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Originally published February 22, 2014 at 8:10 PM | Page modified February 23, 2014 at 9:55 AM

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A guide to wading through the 1040

Unless you go through the trouble of learning about important provisions of the nation’s complex tax code, you may pay higher taxes than necessary.

The New York Times

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Athletes like to say “no pain, no gain,” and that’s the truth for many taxpayers, too.

Unless you go through the trouble of learning about important provisions of the nation’s complex tax code, you may pay higher taxes than necessary.

And even if you pay someone to do this for you, it’s probably wise to understand some of the essentials of tax preparation. One of the least painful ways to get started is to take a walk through a Form 1040.

To help people understand the process and map their own opportunities, the following sample return for a hypothetical couple was prepared in consultation with Bob Meighan, a vice president at TurboTax, the tax software published by Intuit.

The hypothetical family includes two working parents, Samuel and Felicity, two children and Samuel’s father, Sydney, who lives with them. His unreimbursed medical bills, which they paid, and education credits for their son, Cyril, a college student, gave them tax breaks, as did deductions for a home mortgage and state income taxes.

The software uses interview questions, then fills out the forms and does the calculations. TurboTax can also download many W-2 and 1099 forms that report income.

Step 1 Getting ready

Form 1040 starts with a summary of income. Then come various adjustments, deductions and personal exemptions, all of which lower income and are used to calculate how much income is taxable. Most of the numbers are bottom-line figures from supplemental forms and schedules or work sheets.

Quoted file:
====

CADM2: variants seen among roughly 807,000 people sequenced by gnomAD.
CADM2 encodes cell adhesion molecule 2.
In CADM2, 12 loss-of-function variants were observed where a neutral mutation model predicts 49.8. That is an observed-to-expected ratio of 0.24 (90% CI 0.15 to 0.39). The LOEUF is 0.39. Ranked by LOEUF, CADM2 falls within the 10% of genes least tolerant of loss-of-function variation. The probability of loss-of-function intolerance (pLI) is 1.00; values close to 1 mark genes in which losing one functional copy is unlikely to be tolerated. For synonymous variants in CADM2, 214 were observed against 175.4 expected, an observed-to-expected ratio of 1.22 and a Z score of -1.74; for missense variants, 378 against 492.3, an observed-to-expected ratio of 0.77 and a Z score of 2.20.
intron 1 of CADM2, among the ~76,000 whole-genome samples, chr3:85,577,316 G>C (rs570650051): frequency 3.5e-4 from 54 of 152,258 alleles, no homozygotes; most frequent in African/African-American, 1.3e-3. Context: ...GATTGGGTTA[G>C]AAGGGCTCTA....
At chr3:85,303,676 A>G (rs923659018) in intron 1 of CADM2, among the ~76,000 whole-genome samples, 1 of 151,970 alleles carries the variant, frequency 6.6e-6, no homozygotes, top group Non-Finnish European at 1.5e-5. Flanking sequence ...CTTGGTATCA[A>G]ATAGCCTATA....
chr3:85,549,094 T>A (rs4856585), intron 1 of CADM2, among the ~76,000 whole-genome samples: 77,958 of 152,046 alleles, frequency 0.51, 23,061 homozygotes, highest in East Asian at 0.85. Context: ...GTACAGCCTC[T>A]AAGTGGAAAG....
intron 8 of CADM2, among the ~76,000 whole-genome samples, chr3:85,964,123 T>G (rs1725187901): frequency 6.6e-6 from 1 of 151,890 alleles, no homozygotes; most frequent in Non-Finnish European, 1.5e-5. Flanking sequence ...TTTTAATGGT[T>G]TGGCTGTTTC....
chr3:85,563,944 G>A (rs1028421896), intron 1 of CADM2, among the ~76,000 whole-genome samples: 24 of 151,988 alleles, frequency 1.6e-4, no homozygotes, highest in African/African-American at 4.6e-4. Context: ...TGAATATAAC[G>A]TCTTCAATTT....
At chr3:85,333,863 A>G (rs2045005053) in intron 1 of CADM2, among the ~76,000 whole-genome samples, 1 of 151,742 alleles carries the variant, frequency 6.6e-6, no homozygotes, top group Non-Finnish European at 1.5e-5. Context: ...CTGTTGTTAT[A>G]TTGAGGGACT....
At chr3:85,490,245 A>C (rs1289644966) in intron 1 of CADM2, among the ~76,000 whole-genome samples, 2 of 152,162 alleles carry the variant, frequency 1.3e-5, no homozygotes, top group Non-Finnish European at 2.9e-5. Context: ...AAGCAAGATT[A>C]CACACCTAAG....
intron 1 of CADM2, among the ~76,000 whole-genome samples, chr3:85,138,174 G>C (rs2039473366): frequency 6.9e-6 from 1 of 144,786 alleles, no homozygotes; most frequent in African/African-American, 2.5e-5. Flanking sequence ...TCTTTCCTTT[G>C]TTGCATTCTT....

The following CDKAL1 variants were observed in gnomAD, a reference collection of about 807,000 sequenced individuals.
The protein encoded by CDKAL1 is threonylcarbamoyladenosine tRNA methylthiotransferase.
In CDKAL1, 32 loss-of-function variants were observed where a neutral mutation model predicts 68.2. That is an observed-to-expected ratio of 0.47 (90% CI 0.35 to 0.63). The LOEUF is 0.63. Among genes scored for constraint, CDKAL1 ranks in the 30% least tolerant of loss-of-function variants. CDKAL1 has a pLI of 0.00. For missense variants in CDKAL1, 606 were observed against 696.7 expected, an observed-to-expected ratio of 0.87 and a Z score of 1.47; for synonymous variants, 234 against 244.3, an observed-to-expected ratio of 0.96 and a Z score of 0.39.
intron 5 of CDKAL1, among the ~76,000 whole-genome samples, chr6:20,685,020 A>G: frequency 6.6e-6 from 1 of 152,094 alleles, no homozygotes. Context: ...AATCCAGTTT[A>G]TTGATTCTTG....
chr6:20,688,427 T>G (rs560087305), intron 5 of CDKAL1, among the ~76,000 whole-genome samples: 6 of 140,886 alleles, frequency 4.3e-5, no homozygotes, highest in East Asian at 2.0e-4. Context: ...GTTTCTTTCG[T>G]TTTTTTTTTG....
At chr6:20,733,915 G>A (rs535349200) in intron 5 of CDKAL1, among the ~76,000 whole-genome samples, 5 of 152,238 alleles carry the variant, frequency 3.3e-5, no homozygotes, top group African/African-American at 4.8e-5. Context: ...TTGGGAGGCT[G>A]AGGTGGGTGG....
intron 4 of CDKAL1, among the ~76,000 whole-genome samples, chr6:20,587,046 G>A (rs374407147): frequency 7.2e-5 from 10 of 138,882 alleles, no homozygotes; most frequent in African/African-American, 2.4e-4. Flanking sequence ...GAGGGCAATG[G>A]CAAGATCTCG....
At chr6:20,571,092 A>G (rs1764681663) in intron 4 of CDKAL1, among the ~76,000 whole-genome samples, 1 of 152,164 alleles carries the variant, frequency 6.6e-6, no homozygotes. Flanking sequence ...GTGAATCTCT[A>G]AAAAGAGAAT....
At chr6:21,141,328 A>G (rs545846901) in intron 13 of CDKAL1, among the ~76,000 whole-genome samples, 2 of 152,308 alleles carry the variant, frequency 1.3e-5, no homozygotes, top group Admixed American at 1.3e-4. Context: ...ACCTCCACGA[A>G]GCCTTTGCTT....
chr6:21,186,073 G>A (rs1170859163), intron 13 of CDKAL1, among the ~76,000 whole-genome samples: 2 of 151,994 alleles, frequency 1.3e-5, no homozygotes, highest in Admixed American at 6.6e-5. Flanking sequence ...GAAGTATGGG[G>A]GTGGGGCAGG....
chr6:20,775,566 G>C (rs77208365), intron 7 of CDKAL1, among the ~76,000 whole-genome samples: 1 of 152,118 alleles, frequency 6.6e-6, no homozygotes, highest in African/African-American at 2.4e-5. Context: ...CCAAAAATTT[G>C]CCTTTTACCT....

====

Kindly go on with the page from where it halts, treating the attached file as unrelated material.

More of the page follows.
Taxable income and the tax on it, along with any credits, refund or payment due, are calculated on Page 2.

The Internal Revenue Service encourages taxpayers to file electronically, which saves collating papers and speeds refunds, and e-filing is included with TurboTax and some other programs. Individual taxpayers may still mail in paper forms, however. Either way, the preparation is the same.

The most tedious part may be collecting all the information related to your income and deductions. Employers, banks, brokerage firms and others who made payments to you must report these payments on W-2 and 1099 forms and send copies to you and to the IRS. It compares returns filed with what the payers have reported, so don’t guess at a number for a missing W-2 or 1099.

In this example, Samuel P. and Felicity Q. Taxpayer, like most married couples, are filing jointly (Line 2). They claim five exemptions (Line 6) — two for themselves and one each for their children, Cyril, 19, and Heidi, 15, and Samuel’s father, Sydney.

Step 2 Reporting income

Next, the couple’s income is reported.

Felicity, a designer, reports a salary of $81,000 on Line 7 of the return. Actually, she earned $90,000, but elected to have $9,000 of it go into an employer-sponsored tax-deferred 401(k) retirement account. That contribution shows up on her W-2 form, but not on their tax return.

Samuel is a self-employed consulting engineer. His net income of $92,791 — after office rent and other expenses — is brought forward from Schedule C to Line 12.